Rangers at Yosemite National Park on Monday unveiled a unique tool aimed at reducing interactions between its population of black bears and people: a website where fans of the animals can follow their every step -- from a distance.
That’s possible because select bears are fitted with GPS collars showing where the animals are heading. The tracking tool pings the bears' steps from satellites, which can be followed on an interactive map on a new website, keepbearswild.org.
"I think people are going to be blown away," said Ryan Leahy, a wildlife biologist at Yosemite National Park who leads the project. "It's our responsibility to keep bears wild."
Park staff had already been using up to 20 collars on the bears, coming up with some surprising findings: They learned that the animals begin mating in May, more than a month earlier than previously thought, rangers said. And, the devices revealed that the bears travel more than 30 miles in a day or two, moving with ease up 5,000-foot canyon walls, Leahy said.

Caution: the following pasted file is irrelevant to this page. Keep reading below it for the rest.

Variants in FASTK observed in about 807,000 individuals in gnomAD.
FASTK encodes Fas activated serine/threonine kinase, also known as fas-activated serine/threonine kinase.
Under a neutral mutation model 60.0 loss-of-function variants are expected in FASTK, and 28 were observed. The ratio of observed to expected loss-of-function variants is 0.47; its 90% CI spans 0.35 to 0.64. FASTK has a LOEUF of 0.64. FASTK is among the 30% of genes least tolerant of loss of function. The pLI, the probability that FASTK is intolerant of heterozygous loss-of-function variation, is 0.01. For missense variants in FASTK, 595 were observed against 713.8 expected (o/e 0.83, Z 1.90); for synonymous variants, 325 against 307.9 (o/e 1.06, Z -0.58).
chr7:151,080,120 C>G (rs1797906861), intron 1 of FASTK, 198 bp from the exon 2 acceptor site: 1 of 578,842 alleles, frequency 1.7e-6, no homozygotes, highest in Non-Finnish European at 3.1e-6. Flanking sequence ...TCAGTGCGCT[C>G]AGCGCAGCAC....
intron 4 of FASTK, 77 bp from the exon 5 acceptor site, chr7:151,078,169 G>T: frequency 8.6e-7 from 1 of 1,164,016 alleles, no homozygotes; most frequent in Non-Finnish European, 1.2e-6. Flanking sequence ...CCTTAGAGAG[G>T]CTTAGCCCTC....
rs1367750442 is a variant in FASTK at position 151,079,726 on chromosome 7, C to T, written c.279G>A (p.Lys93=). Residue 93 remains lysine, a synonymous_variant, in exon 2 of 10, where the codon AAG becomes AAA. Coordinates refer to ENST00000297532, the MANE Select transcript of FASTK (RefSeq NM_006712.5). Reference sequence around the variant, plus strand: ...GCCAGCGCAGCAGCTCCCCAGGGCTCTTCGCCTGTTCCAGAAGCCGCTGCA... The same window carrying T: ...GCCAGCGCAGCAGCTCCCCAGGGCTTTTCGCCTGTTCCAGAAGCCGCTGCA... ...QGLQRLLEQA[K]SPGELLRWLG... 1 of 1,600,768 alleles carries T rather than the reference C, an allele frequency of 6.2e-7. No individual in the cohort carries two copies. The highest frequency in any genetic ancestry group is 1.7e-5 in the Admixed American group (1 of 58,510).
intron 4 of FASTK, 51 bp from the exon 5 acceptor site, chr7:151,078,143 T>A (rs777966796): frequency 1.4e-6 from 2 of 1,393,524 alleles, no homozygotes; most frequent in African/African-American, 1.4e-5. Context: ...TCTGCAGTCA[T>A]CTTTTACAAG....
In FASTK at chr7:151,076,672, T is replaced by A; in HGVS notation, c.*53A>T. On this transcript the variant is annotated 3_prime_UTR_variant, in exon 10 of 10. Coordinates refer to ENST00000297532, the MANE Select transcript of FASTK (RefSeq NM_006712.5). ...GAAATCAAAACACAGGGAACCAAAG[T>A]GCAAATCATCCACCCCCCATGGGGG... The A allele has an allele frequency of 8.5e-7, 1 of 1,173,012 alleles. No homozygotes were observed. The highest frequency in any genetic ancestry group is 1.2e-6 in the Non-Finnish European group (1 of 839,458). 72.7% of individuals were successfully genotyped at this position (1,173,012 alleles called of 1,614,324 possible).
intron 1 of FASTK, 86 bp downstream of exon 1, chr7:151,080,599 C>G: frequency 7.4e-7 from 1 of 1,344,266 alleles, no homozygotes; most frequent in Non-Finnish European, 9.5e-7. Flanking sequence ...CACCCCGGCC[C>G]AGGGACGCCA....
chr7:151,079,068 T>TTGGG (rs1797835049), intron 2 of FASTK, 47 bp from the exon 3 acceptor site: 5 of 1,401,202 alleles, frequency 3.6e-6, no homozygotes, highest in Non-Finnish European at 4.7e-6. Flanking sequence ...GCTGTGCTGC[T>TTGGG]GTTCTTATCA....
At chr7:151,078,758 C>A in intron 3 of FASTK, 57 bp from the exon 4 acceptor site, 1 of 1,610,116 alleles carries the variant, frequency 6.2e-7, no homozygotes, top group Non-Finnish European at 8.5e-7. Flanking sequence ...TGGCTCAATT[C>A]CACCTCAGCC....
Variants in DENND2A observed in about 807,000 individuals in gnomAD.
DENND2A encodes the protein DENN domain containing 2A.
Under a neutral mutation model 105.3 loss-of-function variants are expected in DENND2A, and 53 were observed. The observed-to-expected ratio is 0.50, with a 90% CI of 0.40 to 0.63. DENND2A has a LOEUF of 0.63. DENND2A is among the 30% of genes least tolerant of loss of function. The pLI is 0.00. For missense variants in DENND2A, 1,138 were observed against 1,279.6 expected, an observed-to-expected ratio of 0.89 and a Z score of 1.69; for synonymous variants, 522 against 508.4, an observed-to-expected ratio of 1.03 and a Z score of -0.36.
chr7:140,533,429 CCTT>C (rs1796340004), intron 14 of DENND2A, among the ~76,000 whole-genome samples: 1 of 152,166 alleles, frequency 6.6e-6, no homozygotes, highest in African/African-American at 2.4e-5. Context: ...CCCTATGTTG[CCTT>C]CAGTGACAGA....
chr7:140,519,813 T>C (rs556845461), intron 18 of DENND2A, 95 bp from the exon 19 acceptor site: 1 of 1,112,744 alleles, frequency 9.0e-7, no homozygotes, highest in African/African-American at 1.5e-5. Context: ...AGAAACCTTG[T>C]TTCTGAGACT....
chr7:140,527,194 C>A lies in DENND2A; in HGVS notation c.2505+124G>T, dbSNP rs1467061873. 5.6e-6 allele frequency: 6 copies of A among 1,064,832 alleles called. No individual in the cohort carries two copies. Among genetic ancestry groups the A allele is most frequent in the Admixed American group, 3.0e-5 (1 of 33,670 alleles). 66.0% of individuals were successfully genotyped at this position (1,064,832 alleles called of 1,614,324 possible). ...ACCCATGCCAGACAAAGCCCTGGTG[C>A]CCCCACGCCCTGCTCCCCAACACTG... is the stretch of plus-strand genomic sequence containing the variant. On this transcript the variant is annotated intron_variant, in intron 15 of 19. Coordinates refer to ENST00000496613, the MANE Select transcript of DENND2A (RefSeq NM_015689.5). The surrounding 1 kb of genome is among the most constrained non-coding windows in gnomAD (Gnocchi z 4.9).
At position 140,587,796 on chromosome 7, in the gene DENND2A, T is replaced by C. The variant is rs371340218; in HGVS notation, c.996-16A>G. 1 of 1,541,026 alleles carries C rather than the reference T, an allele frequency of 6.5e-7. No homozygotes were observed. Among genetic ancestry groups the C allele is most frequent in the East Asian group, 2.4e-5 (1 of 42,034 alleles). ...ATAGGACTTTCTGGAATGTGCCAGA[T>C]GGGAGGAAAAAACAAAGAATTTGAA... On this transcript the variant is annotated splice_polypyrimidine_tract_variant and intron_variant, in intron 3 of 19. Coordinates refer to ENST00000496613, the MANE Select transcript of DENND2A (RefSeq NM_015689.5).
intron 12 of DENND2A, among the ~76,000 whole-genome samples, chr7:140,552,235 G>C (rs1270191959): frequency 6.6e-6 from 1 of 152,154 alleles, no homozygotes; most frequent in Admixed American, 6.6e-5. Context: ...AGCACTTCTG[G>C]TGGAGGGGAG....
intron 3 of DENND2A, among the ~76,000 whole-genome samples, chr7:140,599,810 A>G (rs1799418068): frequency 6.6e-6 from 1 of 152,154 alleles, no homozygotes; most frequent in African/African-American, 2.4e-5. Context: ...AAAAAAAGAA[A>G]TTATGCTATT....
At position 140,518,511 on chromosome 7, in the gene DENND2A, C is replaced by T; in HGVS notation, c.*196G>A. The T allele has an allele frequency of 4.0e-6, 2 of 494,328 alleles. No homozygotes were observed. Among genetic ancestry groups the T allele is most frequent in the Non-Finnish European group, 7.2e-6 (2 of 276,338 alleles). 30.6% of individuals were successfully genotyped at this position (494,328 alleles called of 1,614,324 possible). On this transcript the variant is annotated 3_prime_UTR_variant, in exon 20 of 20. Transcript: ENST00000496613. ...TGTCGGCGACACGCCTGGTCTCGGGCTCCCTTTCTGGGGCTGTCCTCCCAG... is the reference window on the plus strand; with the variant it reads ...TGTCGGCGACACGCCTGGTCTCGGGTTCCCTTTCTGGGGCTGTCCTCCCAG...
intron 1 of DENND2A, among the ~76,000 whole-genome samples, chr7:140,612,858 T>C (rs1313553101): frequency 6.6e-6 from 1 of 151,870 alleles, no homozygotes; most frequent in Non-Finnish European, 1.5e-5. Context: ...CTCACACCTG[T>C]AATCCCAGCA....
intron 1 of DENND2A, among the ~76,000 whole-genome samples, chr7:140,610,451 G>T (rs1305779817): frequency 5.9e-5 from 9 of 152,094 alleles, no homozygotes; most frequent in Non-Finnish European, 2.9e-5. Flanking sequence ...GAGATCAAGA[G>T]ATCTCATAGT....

The goal of the website is to draw in the public so they know to slow down while driving and properly store food when they visit the park's towering granite cliffs, charging waterfalls and abundant wildlife, including up to 500 black bears.
Too often, black bears — many of which are actually brown in Yosemite — are hit and killed by drivers on Yosemite's winding roads. The website shows where 28 bears were struck by cars last year, many fatally.